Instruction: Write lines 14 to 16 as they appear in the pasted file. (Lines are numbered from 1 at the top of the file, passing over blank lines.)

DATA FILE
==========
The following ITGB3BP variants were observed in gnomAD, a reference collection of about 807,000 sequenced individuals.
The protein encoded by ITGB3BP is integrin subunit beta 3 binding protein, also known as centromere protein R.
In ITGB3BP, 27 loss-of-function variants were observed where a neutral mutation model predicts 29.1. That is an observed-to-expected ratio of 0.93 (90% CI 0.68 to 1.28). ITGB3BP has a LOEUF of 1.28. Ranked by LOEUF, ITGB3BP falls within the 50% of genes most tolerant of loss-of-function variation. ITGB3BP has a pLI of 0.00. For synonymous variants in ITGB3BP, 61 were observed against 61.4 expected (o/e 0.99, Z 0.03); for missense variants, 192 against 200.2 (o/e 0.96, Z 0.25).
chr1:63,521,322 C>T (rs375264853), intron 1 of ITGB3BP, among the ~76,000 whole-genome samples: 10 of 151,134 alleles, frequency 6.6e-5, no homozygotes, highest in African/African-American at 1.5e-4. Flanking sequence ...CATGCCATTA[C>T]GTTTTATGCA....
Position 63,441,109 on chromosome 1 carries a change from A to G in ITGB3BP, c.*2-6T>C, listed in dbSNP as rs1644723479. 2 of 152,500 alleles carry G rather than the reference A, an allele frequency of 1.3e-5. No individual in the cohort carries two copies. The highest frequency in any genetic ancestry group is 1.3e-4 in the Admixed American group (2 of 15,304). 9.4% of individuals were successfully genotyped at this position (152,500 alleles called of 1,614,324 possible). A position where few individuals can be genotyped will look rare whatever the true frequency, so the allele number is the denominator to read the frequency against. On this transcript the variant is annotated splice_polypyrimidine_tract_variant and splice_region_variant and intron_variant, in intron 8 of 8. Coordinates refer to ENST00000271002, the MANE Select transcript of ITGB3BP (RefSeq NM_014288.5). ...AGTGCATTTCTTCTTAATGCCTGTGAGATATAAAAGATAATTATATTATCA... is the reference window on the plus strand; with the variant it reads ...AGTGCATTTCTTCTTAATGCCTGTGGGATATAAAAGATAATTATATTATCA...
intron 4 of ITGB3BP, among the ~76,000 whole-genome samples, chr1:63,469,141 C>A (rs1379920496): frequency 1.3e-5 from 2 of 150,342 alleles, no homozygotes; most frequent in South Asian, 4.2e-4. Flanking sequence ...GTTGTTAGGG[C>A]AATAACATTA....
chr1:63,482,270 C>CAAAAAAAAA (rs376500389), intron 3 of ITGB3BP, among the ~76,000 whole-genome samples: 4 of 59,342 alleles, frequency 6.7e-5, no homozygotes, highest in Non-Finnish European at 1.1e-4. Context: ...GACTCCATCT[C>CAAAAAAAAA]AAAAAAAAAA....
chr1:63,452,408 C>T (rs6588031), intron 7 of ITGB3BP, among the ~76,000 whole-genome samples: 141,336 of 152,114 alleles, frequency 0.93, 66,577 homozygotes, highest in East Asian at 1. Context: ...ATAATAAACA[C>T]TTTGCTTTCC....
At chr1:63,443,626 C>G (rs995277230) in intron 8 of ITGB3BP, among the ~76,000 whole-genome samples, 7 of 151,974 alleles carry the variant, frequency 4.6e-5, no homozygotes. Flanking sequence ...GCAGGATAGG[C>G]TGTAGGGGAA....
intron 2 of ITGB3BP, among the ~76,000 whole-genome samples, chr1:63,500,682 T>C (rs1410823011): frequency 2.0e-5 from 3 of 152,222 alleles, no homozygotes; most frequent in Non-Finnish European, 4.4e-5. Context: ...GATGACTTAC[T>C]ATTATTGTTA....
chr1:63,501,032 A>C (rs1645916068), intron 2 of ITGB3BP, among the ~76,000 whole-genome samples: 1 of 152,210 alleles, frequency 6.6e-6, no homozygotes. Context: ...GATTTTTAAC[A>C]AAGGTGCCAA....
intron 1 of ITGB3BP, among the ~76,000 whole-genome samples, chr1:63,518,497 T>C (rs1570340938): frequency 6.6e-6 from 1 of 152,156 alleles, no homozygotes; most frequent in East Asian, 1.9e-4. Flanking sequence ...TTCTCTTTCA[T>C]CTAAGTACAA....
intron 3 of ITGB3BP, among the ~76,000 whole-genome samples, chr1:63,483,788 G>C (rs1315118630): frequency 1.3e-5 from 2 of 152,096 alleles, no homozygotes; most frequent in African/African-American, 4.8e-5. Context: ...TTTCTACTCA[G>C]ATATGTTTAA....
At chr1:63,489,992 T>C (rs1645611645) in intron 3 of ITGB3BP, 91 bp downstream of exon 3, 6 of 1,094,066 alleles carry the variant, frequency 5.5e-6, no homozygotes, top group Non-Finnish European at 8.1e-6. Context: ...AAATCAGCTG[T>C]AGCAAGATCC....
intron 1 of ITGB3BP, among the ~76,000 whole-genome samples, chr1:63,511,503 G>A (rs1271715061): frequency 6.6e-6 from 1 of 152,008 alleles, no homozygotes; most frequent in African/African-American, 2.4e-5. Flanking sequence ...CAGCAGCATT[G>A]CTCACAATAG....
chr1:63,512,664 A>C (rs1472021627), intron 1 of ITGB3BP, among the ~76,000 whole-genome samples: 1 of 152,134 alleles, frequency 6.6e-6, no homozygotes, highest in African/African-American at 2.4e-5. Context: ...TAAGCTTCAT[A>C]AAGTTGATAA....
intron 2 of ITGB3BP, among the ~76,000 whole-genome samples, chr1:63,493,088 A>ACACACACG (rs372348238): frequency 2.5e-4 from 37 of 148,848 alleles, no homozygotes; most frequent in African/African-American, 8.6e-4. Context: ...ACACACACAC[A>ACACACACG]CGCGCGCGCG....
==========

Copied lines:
At chr1:63,489,992 T>C (rs1645611645) in intron 3 of ITGB3BP, 91 bp downstream of exon 3, 6 of 1,094,066 alleles carry the variant, frequency 5.5e-6, no homozygotes, top group Non-Finnish European at 8.1e-6. Context: ...AAATCAGCTG[T>C]AGCAAGATCC....
intron 1 of ITGB3BP, among the ~76,000 whole-genome samples, chr1:63,511,503 G>A (rs1271715061): frequency 6.6e-6 from 1 of 152,008 alleles, no homozygotes; most frequent in African/African-American, 2.4e-5. Flanking sequence ...CAGCAGCATT[G>A]CTCACAATAG....
chr1:63,512,664 A>C (rs1472021627), intron 1 of ITGB3BP, among the ~76,000 whole-genome samples: 1 of 152,134 alleles, frequency 6.6e-6, no homozygotes, highest in African/African-American at 2.4e-5. Context: ...TAAGCTTCAT[A>C]AAGTTGATAA....